March 29, 2001
Lessons from the Palos Heights Controversy
-- Michael Vander Weele
You may remember the controversy in Palos Heights, Illinois, over the Al Salaam Mosque Foundation's attempt to purchase -- and eventually worship in -- a local Reformed church. (See Sightings 8/26/00 for more details.) The city council intervened to prevent the purchase of the church. Opponents to the sale circulated petitions encouraging the city council's move, and both sides filled the council chambers, local newspapers, and radio talk-shows with their views. The matter, which drew national attention, is still unresolved.
As a professor at Trinity Christian College in Palos Heights, I decided to take advantage of our location at ground-zero and spend our two-week January interim studying the controversy with fourteen students. There was a substantial archive of written materials for students to work through, but we were also rich in human resources. The students had lengthy meetings with local clergy, lay leaders of the Muslim community, and Kenith Bergeron, the Department of Justice representative assigned to facilitate discussion within the village. They were able to observe a monthly meeting of the Muslim-Christian Dialogue Group convened and facilitated by Bergeron. Students were also invited by the imam from the Bridgeview Mosque to observe noon prayers and ask questions afterwards.
The students -- from the immediate area and as far away as Minnesota and Canada -- took various, and sometimes differing, lessons from our study. As their professor, I also learned several important lessons from the experience.
First, whenever possible we need to put a face on an issue. Though our class also read newspaper reports and Stephen Carter's book Civility, nothing was more important to my students than their face-to-face meetings with many of the local players. Similar meetings likely would have been just as helpful for my fellow citizens in Palos Heights.
Second, this kind of work takes time and patience. In addition to individual work done outside of class, in two weeks we were able to put in thirty class hours. Time was essential just for reading, hearing, and considering the various sides of the debate in order to reach informed judgments about it. But we could have used more time -- for example, to archive and compare newspaper reports, to interview neighbors, or to study other government interventions in religious affairs.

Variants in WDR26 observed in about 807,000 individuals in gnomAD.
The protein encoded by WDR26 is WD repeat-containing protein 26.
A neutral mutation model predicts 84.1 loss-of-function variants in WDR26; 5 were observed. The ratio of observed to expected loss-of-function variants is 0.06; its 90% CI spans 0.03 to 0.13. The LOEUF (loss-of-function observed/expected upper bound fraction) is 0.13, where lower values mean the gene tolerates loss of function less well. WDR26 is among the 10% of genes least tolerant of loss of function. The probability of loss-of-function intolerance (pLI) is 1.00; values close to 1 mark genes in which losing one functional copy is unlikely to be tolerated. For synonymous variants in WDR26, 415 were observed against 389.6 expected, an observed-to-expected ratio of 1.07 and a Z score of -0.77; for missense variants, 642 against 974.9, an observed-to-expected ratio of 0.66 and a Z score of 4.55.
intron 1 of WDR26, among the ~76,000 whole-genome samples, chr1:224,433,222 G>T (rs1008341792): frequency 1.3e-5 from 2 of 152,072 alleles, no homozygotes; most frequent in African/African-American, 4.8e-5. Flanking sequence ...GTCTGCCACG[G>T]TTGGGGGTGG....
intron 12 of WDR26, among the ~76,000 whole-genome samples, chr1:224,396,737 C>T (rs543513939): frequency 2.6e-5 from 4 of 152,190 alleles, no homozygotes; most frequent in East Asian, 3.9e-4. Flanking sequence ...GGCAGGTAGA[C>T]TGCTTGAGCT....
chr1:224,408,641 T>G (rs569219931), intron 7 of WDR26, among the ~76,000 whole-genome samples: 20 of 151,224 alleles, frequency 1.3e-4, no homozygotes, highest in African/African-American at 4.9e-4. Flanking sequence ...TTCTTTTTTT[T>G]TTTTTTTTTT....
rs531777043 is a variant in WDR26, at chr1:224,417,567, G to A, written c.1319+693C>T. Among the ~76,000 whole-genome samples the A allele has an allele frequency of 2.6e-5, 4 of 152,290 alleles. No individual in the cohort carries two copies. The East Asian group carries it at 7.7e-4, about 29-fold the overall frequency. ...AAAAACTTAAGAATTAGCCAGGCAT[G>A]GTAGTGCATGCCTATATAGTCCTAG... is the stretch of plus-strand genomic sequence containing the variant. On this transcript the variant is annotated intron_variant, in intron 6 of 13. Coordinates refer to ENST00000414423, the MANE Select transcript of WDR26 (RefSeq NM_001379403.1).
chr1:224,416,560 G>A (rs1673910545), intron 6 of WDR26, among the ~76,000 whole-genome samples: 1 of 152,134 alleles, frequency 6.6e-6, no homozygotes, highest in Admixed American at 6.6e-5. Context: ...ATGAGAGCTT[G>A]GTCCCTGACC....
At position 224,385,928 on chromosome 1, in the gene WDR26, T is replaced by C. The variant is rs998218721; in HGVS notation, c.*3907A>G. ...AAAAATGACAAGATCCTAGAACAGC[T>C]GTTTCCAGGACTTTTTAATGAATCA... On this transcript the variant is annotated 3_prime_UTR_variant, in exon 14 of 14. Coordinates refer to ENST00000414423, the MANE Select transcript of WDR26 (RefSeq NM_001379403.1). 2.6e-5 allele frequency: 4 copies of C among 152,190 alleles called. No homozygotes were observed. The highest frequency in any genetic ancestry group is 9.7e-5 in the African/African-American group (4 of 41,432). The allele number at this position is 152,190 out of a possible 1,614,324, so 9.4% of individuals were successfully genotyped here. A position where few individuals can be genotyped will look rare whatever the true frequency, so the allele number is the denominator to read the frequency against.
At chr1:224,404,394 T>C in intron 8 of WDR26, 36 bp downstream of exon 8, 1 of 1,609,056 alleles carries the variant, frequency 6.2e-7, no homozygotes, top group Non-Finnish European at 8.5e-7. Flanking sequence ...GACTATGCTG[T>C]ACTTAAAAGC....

Third, we need to remember that, at least in politics, manners are linked to morality. The subtitle to Civility is Manners, Morals, and the Etiquette of Democracy. Carter argues that a "sacrificial civility" is at the heart of a healthy democracy's public life. This is a lesson that he learned from his Christian faith, Carter tells us, but he also insists that it is a principle that can be affirmed by other viewpoints as well.
Fourth, politics and religion are often more closely intertwined than many white churches realize. A primary reason for offering this interim course was the comment I heard more than once in city council meetings that we need to separate politics and religion. Exactly wrong, I thought. Any religion that doesn't have political implications is a dead religion. (I'm reminded of a University of Chicago conference a few years ago entitled "Black Theology, Public Theology," which made exactly that point.)
My own church's Reformed tradition now seems to me to reveal the danger of too pure a separation of pulpit and politics. Those local Protestant and Catholic clergy who worked together to sort out what was required of them agreed that this seemingly political issue had deep religious roots. Those roots required them to offer a different, more immediate kind of social and political instruction than they had thought their vocations required. Often this education was different from what their parishioners desired -- not only in content but also in kind. Often it involved creating new lay groups or new activities for youth or middle-school ministries. But just those efforts were what most impressed my students in this community's response to last summer's controversy. The local government could not be expected to handle these religious activities, which are so essential to the city's political life.
As for the lives of my students, they clearly benefited from and valued the diversity of voices and faces that had been placed before them. I was proud to see three of them introduce speakers to the college community at later convocations, explaining why from a Christian perspective it was important to hear a Muslim lawyer speak about his different faith and fellow citizenship. In the end, I think we all learned that an adversarial model for government has severe limitations, not least of all in nurturing religious pluralism.
Michael Vander Weele is a professor of English at Trinity Christian College in Palos Heights, Illinois, and a participant in that community's Muslim-Christian Dialogue Group.